Gabriel and Bradley are two college guys, their days are like any other, with sports, university and girls.
But they have a deep secret, the sex between them. Will that sex be love?
I have pretty mixed feelings about this one.
I saw the book cover, which I thought was adorable, then read the blurb, which although short, sounded pretty promising.
The story line itself was fairly concise and interesting; however, there was a *lot* of telling versus showing, especially in the first half of the book. Not really a fan of that.
Gabriel is a 20 year old soccer player and law student, the son of conservative parents, who lives to do what's expected of him and to make other people happy, choosing a field of study simply because he's guaranteed to make a lot of money and 'look' successful to others.
Bradley is a 20 year old rugby player and med student, with an understanding and supportive family, but also a tendency to be overly concerned about what others think of him. And, oh yeah, a steady girlfriend.
So when Brad and the girlfriend, Alicia, have a fight, Brad refuses to cancel his plans of a night in the city with Gabriel, leaving the girlfriend and their mutual friend, Jacqui, at home.
The usual joking sexual banter between Brad and Gab continues through dinner, a movie, then clubbing, where they run into Brad's housemate and his friends.
Two of Brad's friends happen to be gay and invite Brad and Gab to tag along with them to a gay club and Gab rides to Brad's rescue by pretending to be Brad's boyfriend to fend off a rather persistent suitor.
Both boys get into playing boyfriends at the club, which ends in a very touching slow dance to Alison Krauss' "When You Say Nothing At All."
God, that scene was insanely touching, as the boys' attractions and feelings coalesce into a something much more tangible.
** Note: If you've never heard of the song, it's ridiculously beautiful, even if it is a Country (ish) song, so do yourself a favor and check out the heart-felt lyrics in the video below.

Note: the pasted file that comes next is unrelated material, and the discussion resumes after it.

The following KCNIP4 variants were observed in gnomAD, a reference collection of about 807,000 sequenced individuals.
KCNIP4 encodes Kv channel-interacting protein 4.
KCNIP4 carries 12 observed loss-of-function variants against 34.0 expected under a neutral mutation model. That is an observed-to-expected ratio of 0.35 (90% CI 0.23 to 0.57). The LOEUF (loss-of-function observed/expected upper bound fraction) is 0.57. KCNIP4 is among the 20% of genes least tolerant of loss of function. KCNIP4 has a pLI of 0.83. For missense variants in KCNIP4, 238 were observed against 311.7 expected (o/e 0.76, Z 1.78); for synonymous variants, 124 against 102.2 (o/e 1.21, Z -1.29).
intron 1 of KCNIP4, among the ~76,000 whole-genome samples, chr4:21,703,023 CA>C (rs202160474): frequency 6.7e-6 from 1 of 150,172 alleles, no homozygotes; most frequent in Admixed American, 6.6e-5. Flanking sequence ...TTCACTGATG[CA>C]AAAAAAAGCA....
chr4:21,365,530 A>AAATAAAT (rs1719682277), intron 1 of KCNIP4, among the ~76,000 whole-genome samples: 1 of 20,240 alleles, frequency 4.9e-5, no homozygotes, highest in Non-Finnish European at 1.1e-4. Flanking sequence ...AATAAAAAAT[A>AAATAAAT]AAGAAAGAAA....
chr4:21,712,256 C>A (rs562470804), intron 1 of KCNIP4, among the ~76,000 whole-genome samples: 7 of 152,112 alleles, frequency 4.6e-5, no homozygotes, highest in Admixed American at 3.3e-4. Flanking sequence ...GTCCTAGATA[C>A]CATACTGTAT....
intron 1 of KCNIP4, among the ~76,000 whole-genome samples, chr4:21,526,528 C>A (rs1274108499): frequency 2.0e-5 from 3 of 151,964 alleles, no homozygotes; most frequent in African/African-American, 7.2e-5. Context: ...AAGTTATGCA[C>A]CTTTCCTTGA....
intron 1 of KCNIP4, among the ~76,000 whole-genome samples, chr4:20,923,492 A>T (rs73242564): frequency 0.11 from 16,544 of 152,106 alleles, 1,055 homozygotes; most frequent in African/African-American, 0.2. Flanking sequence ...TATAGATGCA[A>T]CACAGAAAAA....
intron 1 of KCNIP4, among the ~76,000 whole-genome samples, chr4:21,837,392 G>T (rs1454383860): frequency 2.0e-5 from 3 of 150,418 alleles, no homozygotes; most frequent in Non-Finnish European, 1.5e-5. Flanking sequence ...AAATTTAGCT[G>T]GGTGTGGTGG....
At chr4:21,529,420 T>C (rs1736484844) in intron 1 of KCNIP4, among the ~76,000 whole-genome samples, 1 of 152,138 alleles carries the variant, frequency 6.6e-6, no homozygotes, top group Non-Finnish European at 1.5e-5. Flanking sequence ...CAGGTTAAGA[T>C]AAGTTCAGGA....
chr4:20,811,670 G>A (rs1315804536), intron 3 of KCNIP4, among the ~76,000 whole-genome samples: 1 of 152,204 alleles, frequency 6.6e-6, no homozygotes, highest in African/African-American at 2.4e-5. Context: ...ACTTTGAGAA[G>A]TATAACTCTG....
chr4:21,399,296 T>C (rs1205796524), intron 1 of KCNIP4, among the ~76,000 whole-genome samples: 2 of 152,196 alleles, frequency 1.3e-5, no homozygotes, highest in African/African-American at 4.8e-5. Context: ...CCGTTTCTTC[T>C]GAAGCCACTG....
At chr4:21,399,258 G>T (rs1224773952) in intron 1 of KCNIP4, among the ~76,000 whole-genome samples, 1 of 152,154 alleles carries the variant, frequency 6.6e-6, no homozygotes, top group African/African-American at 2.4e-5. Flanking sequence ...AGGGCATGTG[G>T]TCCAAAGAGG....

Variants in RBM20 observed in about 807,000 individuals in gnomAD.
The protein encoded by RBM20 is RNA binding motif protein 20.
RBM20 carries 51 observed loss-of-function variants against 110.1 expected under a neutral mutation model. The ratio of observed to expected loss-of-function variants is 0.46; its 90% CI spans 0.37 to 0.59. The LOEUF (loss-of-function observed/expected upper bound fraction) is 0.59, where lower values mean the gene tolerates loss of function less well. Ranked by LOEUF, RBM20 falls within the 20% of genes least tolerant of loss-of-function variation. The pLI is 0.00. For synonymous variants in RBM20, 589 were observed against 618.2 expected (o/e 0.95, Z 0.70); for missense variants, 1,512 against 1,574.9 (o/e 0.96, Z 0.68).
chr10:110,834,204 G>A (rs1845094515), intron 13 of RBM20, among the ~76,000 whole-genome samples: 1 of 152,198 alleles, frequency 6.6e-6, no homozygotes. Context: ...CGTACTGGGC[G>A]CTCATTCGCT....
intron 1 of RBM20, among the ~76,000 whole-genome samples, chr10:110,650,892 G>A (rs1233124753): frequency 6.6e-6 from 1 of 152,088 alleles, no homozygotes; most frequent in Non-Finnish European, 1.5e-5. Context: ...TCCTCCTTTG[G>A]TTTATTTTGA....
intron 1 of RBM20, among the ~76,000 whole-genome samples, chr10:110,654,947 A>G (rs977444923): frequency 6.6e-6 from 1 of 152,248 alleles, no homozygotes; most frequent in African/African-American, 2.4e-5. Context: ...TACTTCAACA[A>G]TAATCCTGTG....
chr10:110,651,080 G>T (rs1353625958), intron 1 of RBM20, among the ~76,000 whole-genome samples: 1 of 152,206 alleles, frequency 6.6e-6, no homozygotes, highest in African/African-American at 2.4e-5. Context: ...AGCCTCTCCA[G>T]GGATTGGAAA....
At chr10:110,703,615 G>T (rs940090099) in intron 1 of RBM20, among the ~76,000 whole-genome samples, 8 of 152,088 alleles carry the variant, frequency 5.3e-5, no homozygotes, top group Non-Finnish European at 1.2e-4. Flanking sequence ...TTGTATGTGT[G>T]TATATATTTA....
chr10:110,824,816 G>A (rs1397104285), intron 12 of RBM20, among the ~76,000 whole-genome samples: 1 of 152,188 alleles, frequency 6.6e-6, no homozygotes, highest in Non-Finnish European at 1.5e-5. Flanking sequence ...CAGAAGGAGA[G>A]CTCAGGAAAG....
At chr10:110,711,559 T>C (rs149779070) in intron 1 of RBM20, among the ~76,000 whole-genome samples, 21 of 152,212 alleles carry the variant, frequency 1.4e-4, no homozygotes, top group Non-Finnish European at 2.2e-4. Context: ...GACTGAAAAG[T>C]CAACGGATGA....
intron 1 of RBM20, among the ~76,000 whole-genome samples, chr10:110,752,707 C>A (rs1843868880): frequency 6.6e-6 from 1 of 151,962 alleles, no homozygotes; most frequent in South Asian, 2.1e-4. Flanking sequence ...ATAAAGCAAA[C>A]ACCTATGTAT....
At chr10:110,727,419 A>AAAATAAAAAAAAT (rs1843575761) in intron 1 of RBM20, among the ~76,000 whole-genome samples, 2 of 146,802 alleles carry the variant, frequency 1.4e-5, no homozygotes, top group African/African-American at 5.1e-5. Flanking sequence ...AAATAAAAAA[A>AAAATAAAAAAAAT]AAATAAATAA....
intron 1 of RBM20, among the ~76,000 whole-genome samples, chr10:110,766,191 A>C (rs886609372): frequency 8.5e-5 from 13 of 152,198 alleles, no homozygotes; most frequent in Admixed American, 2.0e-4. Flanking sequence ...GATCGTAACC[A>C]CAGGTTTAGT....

Alison Krauss' "When You Say Nothing At All"
So, yes, for the most part, I did really enjoy the story of these two gentle, loving young men, as they became brave enough to embrace their true feelings for one another.
HOWEVER, there were a few things that I found extremely distracting in regards to both the author's writing style and other aspects of the story.
-- In his tendency of telling versus showing, Morgan lumped thoughts from *multiple* characters into the *same* paragraph, which I found both confusing and annoying.
-- And the length of Morgan's paragraphs tended to be very long, sometimes taking up an *entire* page. For a *single* paragraph. Ummm, am I the only person who finds that style more difficult to read than breaking up the text into coherent sections? I suspect not.
-- I'm not sure I've read a book with quite so many wording errors in many years, even in 'galley' copies of books provided to me by authors pre-release. A few were so bad that I copied the text into Microsoft Word to see if it would catch such obvious word flubs, which it did. All. Of. Them.
-- Cheating. Yes, there was cheating, but only on two occasions.
-- Then, lastly, when the book ended with the anticipated HEA, we were provided with no resolution to the girlfriend situation. Nada. She was mutual friends with the entire foursome of friends; however, there was no word of how the breakup went, if she was furious with Brad and Gab, feeling betrayed. Nope, nothing at all.
So, there was much of the book I truly loved.
And I lot that made me want to sit a few people down and have a serious conversation about writing style, readability and editing.
I would consider reading more from this author, but I'd want reassurances from other trusted reviewers that my above niggles had been corrected in those other books before that will happen.
With all that taken into account, this one rates as 3 *good-story-but-more-serious-editing-please* stars for me.
This was my copy of the book and was not provided by the publisher.
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